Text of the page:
hear that, you say yes, that is right. so many people agree with that. and so many people around the world saying wait a minute, the united states talking about bullies? >> yes, they do say that. and i still think their sentiments are really important. and i and it is important the united states defend the positions around the world. and the world needs it. i say to people when you are -- the most significant power in the world, you know people are going to criticize you, attack you and resent you for it. but when i think of the -- the nation's who could play that role in the world, i still right now, as some one from britain and from the european side of the water, i want to see america strong. i want to see it standing up for the values at its best it represents because the world need those values. and you know i see in the work i do around the world. yeah, sure. america has got its faults like every other nation.
at its best it offer extraordinary. most people if they were free to choose to live by the same value system would probably choose it in fact every time they're given the chance to choose it they do. >> on that point. you have been dealing wither use in iraq for a long time. how does the united states walk that line? because there are many people there, do not see the united states as a liberator, as, a country that has helped them. they see it the opposite. iraqis have a love/hate relationship with the united states. not a hate lsh hate relati/hate all. there was expectations at pursuing that. expectation the u.s. is going to come and help us build a country. help us get liberty. for example they're going to get 50% of representation in the iraqi government and their rights are going to be protected. and that is not what happened.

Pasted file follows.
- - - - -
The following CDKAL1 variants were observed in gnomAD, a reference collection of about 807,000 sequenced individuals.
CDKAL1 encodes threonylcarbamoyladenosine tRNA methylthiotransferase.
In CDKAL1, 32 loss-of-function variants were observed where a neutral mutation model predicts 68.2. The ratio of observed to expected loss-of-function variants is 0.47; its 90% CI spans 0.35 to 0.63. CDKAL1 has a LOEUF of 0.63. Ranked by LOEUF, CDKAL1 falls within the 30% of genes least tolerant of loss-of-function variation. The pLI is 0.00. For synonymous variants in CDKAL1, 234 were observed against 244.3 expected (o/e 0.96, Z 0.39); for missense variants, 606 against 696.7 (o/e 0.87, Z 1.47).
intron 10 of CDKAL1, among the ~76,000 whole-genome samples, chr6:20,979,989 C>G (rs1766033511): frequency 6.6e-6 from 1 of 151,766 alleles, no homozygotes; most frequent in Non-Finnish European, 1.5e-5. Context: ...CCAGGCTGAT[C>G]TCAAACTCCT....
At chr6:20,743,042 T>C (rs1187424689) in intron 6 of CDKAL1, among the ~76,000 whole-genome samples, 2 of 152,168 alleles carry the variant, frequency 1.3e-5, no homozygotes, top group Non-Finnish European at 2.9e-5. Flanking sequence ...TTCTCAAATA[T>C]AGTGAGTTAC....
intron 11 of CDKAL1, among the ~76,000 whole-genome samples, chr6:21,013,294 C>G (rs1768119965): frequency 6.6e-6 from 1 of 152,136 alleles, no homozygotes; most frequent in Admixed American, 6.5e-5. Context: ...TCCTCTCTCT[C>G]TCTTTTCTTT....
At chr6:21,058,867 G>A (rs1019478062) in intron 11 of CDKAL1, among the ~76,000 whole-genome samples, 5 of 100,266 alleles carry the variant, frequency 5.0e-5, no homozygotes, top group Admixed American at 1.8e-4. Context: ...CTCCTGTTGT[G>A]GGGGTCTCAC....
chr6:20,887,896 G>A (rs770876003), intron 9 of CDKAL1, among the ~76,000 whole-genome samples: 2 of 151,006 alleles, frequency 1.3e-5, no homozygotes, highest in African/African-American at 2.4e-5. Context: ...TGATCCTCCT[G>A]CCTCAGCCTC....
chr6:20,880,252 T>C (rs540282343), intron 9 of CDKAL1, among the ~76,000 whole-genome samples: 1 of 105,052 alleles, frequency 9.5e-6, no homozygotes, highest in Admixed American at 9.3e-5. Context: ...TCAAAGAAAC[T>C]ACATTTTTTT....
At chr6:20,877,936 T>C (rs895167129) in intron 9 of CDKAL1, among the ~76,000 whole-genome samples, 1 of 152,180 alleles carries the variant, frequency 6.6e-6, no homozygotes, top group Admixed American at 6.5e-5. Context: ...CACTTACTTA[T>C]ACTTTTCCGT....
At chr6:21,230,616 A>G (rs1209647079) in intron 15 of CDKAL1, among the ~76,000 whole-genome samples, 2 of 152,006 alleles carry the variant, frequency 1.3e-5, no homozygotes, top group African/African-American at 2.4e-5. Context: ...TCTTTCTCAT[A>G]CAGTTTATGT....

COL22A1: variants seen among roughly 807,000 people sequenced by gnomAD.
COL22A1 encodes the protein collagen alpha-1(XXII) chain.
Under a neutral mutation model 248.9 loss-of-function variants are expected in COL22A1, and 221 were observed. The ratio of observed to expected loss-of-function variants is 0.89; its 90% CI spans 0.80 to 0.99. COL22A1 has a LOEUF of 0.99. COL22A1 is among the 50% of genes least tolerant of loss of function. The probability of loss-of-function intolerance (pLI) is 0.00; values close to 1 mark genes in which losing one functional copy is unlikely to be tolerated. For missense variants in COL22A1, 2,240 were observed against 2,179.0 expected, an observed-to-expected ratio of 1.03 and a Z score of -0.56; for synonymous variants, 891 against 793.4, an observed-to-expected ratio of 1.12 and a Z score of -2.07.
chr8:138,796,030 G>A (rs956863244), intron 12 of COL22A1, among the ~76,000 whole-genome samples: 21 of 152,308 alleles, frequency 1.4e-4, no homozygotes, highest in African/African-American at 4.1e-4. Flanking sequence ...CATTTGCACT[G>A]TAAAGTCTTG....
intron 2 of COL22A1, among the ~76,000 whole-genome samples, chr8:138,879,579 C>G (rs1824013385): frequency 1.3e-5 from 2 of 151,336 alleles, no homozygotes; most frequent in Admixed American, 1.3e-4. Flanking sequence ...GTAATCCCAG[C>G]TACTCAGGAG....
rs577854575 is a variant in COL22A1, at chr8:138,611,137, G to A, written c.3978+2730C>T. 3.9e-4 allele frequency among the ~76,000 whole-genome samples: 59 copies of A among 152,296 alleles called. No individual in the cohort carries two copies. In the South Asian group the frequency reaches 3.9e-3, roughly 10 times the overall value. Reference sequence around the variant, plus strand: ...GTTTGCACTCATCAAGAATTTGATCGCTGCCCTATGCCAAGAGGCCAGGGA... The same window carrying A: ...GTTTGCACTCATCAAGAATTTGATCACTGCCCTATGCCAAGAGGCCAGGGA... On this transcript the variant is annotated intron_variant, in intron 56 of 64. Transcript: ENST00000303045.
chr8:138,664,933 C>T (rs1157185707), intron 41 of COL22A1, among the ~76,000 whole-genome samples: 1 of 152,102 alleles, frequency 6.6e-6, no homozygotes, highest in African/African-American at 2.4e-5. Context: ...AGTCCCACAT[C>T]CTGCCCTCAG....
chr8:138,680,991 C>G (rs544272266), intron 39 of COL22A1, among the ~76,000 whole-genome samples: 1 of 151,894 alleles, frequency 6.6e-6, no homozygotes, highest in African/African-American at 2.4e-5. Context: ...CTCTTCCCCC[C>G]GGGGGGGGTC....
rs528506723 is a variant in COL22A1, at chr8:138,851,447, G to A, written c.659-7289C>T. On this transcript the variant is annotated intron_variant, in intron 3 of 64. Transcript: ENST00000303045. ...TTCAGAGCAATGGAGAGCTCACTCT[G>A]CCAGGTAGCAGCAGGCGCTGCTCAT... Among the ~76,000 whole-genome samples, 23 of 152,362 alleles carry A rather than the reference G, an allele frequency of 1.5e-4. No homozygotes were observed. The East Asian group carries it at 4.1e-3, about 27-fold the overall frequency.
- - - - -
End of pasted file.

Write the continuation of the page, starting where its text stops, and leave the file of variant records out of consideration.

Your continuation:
the u.s. engagement with iraq was and unfortunately still is that of a military one. and unless at this point, you know, destroying isis is a necessary thing to do. but, it is not the long term way of dealing with it. we need to understand the underlying reasons of what's happening in the region. >> look. i think what is going on, within the region is basically a battle between, what i would call the forces of modernity and extremism. and at the heart of this is the way the world work tuesday. is people connecting with each other. and respecting each other across the boundaries, race, faith, culture. within the region-up have young populations. bad systems of government. you had a perversion of religion that is translated into a form of extremism that destabilizes countries not just in the middle east. syria, iraq, and look at yemen. watch libya, really carefully. might view that as a dangerous